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  1. #851
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    Take a look at the world record for swimming. If you are logical or rational, then it is pretty obvious who is superior when it comes to swimming. Therefore, it is not my opinion if I were to make a declarative statement stating that “men are superior to women when it comes to swimming.”

    List of world records in swimming - Wikipedia, the free encyclopedia

  2. #852
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    By the way, aren't men also taller and don't they have a bigger brain too?

  3. #853

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    Quote Originally Posted by Jarlaxle View Post
    I am curious. Is the same true for this:

    Meaning: If you are against generalizing a wide spectrum of people composed of multiple individuals and groups under a narrow limited stereotype to present a specific critique as one with an umbrella of narratives, do you apply the same principle universally?

    Or do you follow that feminism is too wide and diverse to talk about in the context of feminist organizations, practices, lobbying history, feminist theory or feminist authors, but would not let such logic prevent you from pointing at a much wider collective - yet one that doesn't even extend the courtesy of sharing the same banner - only to call it patriarchy and criticize it as if it was a united organized club that meets on Tuesdays to synchronize it's oppressive agenda?

    All feminism is bad.
    All patriarchy is bad.

    I refuse the former statement, and support the latter statement. It remains a rational argument.

    All feminism is good.
    All patriarchy is good.

    If I accept the former statement, and also accept the latter statement, it ceases to remain a rational argument.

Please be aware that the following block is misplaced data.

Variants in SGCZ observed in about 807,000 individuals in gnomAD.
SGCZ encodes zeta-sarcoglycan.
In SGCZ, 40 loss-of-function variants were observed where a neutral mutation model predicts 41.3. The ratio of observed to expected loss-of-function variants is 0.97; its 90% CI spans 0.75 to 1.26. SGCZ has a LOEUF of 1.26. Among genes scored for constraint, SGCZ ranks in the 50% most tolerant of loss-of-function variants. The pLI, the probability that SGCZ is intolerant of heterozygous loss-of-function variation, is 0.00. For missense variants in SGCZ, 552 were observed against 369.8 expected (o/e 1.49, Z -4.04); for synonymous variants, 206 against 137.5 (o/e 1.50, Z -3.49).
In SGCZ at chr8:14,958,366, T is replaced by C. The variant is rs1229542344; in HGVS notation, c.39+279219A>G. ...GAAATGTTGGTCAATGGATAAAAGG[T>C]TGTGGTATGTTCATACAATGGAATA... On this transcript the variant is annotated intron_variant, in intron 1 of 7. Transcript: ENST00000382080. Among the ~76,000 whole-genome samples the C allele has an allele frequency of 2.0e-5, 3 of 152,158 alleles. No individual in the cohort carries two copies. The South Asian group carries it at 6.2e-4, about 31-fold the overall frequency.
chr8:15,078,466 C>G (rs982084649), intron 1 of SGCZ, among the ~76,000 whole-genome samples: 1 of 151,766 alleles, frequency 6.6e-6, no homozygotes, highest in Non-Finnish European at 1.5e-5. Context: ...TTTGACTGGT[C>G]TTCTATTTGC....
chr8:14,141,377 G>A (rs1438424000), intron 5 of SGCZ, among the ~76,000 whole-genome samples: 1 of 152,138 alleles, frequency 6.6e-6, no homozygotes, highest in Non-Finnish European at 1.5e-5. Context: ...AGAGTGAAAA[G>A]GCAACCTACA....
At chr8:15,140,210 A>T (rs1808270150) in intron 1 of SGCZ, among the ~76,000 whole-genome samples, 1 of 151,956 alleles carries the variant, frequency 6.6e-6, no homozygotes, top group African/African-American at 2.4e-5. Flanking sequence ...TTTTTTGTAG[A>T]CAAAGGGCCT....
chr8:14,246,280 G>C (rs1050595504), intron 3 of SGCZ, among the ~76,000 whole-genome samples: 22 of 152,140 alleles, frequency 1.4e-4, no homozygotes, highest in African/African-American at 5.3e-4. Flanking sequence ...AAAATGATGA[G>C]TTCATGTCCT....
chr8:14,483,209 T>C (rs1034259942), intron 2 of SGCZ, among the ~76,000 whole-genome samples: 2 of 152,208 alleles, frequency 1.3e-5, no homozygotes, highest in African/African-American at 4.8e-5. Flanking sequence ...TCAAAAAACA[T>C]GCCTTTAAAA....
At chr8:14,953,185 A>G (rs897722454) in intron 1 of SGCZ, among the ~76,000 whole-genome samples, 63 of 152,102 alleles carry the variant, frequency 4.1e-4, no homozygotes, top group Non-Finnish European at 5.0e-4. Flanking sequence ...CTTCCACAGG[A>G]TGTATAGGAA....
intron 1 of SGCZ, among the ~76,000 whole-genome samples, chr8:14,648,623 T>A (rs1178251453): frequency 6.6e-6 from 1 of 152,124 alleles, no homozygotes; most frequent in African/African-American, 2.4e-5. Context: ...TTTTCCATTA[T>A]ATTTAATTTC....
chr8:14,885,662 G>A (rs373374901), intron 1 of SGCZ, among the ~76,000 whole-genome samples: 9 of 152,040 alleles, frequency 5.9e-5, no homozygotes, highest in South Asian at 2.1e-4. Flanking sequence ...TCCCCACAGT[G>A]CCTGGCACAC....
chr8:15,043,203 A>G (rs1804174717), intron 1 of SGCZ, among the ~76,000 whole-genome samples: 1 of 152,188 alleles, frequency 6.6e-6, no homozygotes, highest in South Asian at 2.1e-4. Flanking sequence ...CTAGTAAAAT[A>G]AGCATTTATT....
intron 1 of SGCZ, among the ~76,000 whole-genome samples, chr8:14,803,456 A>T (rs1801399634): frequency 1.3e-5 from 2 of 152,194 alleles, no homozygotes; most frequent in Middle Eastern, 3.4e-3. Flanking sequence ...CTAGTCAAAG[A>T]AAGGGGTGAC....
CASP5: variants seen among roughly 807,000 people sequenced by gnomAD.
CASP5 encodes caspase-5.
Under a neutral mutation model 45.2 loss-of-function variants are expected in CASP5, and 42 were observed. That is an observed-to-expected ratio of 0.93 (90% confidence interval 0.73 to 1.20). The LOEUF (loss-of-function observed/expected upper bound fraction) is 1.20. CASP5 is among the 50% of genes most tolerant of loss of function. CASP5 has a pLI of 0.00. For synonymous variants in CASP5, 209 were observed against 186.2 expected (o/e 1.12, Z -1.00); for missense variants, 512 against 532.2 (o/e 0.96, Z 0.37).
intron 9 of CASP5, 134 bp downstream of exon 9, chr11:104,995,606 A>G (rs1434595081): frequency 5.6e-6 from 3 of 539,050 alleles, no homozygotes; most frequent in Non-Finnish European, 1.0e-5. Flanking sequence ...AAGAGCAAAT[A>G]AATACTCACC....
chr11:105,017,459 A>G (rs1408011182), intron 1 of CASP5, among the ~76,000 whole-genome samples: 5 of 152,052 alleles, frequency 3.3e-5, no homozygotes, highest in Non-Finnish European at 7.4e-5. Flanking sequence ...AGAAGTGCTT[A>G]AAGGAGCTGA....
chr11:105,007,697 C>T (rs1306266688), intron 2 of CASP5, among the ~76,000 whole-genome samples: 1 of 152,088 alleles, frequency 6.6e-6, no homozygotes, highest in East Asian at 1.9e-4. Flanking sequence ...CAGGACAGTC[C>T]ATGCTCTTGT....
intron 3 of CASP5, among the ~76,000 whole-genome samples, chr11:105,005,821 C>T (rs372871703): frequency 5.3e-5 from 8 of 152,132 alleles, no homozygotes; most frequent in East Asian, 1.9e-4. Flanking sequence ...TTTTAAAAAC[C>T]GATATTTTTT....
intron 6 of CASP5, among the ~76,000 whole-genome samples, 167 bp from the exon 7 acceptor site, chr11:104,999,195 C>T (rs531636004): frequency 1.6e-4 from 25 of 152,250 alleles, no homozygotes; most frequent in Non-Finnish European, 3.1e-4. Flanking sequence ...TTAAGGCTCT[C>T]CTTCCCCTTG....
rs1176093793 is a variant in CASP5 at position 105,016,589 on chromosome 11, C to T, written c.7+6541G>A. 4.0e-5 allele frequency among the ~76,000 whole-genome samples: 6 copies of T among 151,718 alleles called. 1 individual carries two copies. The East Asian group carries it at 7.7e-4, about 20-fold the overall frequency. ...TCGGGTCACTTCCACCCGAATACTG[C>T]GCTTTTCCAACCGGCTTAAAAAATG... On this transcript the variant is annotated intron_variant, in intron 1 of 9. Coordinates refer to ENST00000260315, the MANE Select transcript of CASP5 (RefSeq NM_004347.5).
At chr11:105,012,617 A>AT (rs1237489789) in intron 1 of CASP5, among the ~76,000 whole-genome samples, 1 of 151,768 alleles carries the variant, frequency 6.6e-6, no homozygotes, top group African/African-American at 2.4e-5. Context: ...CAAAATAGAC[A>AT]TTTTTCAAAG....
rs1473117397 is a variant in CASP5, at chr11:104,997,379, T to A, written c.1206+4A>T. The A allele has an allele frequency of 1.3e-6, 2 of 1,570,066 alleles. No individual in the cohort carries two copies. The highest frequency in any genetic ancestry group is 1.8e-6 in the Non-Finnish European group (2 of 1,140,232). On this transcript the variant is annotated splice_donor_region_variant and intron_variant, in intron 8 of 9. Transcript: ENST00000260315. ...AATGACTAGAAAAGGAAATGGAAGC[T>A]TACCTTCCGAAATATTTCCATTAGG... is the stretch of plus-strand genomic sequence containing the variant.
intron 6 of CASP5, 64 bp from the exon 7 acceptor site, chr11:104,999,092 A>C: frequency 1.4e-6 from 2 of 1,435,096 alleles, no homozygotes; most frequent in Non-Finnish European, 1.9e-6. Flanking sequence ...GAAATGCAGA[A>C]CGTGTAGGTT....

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  4. #854

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    Quote Originally Posted by serenesam View Post
    By the way, aren't men also taller and don't they have a bigger brain too?
    Blue whales are taller than humans and also have bigger brains. So do elephants.
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  5. #855
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    Quote Originally Posted by Qre:us View Post
    All feminism is bad.
    All patriarchy is bad.

    I refuse the former statement, and support the latter statement. It remains a rational argument.
    The point didn't show on narrative road? I didn't ask you how you felt about either feminists or the patriarchy, I asked if you are capable of been true to your rational self-view and extend your defensiveness against collective feminists arguments to include collectivist arguments within feminist theory, i.e. the all mighty patriarchy. I take it the answer is "No".

  6. #856

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    Quote Originally Posted by Xander View Post
    No offense but you seem touchy as all hell. What was posted was a parallel. Discrimination of any type shares a core of poor thinking with other types of discrimination.
    No offense, but you didn't understand the point that I was illustrating.

    Are all types of feminism, discrimination? If so, explain why.

    Are all forms of racism, discrimination? Yes!

    In order for something to be a parallel for comparison, it must first be...a parallel.

    Good point.

    To give an example though the BNP, UKIP and EDF parties in the UK have all got bad reputations as racist. Few support racism. However, they all represented the common people's concerns with immigration and whether it was too much. The end result has been that the main parties have not been allowed to skirt to issue just because they didn't want to appear to be less than perfectly pc.

    What I'm trying to get across is that the ideals involved in feminism are worth working with (or however you would prefer that phrased) but the term itself has been poisoned and is taken as a combative stance even when it's not meant to be. Yes you could continue to use it but is that a logical decision or an emotive one?
    So you're arguing terminology? So, if feminism was called another name, like, say, Dickerydoodoo, it would be okay? A mere renaming would take away the (perceived) poisoning and combative stance, and solve all those problems? Is that what you're proposing? Is that a logical decision of yours, or an emotive one?

    So you're a part time feminist. Gotcha.
    Yes, just like a woman with kids who work, is a part-time mother. Or, an atheist who understands why other people believe in a god, is a part-time atheist. Or, a capitalist who is for responsible capitalism but against unrestrained capitalism should call himself (or herself) a part-time capitalist.

    Am I doing your "logic" right?